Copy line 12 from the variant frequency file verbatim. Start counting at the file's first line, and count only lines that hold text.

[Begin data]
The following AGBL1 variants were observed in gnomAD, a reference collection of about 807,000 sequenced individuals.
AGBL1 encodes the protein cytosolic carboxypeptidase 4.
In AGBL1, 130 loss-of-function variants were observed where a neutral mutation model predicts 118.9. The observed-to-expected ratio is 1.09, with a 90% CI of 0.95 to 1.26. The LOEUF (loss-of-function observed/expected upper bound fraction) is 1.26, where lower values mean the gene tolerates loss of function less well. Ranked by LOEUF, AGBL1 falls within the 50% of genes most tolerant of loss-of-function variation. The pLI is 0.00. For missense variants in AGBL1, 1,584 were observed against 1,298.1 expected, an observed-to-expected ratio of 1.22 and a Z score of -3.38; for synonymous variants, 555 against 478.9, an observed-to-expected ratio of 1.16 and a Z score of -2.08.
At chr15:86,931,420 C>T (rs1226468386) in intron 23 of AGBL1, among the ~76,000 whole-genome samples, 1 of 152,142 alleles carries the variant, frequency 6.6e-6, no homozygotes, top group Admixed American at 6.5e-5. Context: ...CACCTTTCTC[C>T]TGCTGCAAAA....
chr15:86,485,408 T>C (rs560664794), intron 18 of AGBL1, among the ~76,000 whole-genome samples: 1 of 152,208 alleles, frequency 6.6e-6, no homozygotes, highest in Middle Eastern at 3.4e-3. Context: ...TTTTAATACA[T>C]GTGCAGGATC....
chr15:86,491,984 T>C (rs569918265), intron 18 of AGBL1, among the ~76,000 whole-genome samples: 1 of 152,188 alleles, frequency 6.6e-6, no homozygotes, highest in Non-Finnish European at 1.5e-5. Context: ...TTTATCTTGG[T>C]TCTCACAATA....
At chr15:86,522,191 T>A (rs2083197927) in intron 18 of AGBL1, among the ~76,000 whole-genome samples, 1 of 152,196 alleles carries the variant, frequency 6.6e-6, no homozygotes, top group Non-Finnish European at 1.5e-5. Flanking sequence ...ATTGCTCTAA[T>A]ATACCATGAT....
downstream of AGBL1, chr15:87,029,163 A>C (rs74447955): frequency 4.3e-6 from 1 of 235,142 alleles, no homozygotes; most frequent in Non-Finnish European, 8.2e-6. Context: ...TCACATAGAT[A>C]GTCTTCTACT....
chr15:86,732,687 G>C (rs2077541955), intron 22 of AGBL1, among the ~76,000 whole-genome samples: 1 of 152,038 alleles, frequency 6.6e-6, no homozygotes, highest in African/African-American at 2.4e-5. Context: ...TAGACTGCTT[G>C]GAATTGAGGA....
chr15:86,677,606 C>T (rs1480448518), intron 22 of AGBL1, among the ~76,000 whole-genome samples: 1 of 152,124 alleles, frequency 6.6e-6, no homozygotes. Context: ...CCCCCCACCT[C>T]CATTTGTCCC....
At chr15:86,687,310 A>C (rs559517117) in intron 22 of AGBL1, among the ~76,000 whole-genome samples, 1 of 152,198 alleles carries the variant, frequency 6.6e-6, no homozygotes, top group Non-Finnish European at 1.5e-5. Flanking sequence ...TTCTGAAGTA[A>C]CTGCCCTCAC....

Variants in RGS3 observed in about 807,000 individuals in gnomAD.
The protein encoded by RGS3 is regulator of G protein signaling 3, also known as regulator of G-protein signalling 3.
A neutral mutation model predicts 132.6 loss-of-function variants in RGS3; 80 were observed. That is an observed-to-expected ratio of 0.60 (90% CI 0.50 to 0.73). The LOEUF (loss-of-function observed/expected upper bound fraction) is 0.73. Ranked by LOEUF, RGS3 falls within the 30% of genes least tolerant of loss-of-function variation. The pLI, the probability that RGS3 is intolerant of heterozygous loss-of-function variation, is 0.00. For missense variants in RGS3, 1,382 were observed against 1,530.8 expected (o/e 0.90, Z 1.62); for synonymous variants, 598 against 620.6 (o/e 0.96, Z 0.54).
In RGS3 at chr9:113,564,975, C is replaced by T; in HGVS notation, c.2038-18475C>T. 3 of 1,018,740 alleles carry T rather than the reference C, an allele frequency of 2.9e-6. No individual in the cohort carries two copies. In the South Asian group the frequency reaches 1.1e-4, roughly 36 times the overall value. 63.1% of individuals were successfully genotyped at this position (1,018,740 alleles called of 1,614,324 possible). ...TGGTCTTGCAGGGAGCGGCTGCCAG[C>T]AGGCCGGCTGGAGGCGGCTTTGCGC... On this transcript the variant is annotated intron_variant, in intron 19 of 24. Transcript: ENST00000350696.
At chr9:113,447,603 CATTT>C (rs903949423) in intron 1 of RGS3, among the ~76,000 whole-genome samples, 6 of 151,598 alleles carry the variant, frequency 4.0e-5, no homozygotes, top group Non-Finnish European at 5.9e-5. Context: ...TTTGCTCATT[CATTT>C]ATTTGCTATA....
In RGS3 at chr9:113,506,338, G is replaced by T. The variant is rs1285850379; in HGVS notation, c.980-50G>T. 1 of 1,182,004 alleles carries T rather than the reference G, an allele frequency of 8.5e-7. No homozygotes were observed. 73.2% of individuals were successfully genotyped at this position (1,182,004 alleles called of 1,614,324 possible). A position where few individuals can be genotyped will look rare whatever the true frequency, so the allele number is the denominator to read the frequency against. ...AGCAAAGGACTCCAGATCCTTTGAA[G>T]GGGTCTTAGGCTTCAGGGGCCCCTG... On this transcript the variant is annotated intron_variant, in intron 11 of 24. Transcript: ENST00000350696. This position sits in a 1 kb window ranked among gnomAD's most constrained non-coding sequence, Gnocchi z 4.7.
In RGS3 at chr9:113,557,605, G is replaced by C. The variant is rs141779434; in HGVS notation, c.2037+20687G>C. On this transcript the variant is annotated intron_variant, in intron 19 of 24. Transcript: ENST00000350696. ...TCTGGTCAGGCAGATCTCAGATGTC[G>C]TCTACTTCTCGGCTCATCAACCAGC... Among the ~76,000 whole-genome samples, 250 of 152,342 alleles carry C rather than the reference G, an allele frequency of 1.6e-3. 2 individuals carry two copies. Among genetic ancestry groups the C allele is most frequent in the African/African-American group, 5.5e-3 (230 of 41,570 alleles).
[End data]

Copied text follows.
Variants in RGS3 observed in about 807,000 individuals in gnomAD.